As Ruth becomes aware of the lake through the gaps in the bridge, she is filled first with dread, then a sort of ecstasy: “to be suddenly above the water was a giddy thing, an elation,” as she risks plunging into the lake even as she makes her escape from its atmospheric presence. As she continues across the bridge, she begins to feel the lake’s currents under her feet, and thinks of her mother’s erratic moods: “It was as if she righted herself continually against some current that never ceased to pull. She swayed continuously, like a thing in the water, and it was graceful, a slow dance, a sad and heady dance.” Walking across the bridge, Ruth feels the lake, and in the lake, her mother.
In walking across the bridge in the lake, Ruth feels her mother—and the loss of her mother—as clearly as she does at any point in the novel. In escaping Fingerbone and its lake she has her deepest communion with it, and joins her mother in the realm of the departed. She leaves Fingerbone, and simultaneously ascends into its ethereal mourning.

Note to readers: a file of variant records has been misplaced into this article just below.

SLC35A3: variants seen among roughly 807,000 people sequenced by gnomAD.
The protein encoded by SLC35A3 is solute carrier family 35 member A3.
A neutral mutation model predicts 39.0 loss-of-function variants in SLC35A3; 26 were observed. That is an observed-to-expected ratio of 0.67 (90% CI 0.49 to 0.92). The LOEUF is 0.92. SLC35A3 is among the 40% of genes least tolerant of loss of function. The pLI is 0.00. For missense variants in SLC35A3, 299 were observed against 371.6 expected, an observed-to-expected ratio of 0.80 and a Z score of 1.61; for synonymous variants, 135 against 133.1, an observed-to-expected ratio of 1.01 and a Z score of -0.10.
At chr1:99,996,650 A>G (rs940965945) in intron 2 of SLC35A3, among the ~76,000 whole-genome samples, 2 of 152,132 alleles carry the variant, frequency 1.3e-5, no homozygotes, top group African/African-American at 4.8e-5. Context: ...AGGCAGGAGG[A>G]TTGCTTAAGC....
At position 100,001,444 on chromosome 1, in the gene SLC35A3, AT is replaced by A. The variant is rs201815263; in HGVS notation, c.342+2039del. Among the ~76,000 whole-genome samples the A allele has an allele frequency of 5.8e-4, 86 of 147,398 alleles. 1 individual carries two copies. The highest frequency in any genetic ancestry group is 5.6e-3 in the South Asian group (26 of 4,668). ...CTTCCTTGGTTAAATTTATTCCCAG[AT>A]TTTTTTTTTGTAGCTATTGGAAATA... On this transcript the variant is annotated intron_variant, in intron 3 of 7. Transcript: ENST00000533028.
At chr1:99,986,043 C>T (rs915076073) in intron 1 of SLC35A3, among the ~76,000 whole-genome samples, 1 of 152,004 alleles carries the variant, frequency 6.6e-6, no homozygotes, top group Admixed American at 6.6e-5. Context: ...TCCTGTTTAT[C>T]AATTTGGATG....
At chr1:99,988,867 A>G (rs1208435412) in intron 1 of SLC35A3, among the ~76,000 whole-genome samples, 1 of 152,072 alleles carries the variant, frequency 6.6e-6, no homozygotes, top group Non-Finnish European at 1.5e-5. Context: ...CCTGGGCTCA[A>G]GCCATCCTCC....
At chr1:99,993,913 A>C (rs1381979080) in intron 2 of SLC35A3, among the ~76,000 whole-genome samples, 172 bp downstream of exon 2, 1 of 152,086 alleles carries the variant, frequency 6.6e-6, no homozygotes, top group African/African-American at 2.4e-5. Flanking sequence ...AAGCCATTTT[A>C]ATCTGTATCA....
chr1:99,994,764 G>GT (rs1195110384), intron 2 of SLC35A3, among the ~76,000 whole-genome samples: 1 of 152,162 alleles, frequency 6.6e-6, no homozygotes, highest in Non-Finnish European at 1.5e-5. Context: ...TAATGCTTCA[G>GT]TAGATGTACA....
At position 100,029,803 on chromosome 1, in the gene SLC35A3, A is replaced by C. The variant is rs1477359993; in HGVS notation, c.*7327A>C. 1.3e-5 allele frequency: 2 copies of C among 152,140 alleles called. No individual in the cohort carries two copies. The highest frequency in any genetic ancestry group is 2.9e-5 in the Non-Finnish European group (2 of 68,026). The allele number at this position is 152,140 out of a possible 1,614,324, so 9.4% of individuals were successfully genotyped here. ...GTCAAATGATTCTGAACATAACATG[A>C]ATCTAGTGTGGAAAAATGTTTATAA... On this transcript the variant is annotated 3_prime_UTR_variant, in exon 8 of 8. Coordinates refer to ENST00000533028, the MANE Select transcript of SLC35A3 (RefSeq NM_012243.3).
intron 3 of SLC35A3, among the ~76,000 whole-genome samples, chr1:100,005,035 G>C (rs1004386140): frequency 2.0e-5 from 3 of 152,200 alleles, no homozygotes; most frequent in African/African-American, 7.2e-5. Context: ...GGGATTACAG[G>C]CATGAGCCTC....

Perhaps, then, when Robinson said that “Connie Bronson” anticipates Housekeeping, she was alluding to having stumbled into a voice—that wry, detached female retrospective that becomes so powerful in the novel. But perhaps she understood that “Connie Bronson,” though just a small foreshadowing of the symbolic mastery the author would later show, gestures toward the most devastating and illuminating moment of the later work: a young girl, confronting the water from the uneasy safety of a bridge, terrified and remade by the current beneath.
Danny Nowell is a blogger and writer living in Portland. His writing about the NBA appears at ESPN TrueHoop Network blogs, Portland Roundball Society, and HoopSpeak, and he reviews books for The Oxford American online. What he lacks in finesse he makes up for in zeal.